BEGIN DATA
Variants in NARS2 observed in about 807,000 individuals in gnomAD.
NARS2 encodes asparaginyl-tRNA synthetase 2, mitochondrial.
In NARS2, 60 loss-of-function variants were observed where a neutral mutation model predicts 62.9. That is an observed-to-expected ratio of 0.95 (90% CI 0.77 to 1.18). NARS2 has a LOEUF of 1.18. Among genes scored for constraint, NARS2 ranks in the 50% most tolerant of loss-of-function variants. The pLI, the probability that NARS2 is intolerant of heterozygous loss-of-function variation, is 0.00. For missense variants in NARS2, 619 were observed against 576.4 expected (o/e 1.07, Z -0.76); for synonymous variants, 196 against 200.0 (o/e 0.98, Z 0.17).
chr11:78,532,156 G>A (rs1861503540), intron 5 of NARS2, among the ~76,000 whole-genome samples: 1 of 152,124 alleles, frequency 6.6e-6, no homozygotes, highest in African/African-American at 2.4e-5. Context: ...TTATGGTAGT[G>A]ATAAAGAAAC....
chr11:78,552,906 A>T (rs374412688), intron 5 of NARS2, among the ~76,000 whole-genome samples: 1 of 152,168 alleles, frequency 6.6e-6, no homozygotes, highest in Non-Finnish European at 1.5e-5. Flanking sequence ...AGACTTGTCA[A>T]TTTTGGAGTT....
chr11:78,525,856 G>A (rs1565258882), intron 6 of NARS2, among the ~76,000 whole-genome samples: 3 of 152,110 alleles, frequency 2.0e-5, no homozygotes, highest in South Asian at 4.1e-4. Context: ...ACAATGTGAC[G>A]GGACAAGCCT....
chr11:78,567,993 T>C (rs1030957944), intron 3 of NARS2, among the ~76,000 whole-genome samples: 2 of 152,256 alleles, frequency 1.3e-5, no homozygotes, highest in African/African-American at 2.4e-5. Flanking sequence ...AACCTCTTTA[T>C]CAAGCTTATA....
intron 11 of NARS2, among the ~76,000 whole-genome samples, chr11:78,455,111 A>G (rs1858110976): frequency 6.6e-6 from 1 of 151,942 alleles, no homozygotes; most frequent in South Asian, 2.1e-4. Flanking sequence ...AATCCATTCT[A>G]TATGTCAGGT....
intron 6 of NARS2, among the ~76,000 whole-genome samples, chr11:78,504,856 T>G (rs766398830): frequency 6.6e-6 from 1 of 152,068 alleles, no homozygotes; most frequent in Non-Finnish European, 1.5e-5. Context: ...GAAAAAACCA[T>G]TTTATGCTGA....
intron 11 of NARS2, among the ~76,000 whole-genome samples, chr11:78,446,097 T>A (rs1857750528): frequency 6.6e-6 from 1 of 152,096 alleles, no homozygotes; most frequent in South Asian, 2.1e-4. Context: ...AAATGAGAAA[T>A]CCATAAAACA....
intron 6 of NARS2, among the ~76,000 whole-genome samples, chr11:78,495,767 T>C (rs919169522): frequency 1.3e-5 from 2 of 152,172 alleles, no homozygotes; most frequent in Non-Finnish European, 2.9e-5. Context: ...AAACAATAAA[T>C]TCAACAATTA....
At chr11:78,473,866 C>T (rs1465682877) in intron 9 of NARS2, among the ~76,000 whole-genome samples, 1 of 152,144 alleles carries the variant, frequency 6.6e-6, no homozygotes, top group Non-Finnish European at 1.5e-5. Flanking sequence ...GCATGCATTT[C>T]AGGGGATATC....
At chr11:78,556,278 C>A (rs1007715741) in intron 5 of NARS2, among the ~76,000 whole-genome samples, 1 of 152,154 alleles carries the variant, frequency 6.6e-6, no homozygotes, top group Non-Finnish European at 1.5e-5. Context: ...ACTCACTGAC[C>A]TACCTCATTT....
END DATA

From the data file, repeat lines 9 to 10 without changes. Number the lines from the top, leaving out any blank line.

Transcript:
intron 6 of NARS2, among the ~76,000 whole-genome samples, chr11:78,504,856 T>G (rs766398830): frequency 6.6e-6 from 1 of 152,068 alleles, no homozygotes; most frequent in Non-Finnish European, 1.5e-5. Context: ...GAAAAAACCA[T>G]TTTATGCTGA....
intron 11 of NARS2, among the ~76,000 whole-genome samples, chr11:78,446,097 T>A (rs1857750528): frequency 6.6e-6 from 1 of 152,096 alleles, no homozygotes; most frequent in South Asian, 2.1e-4. Context: ...AAATGAGAAA[T>A]CCATAAAACA....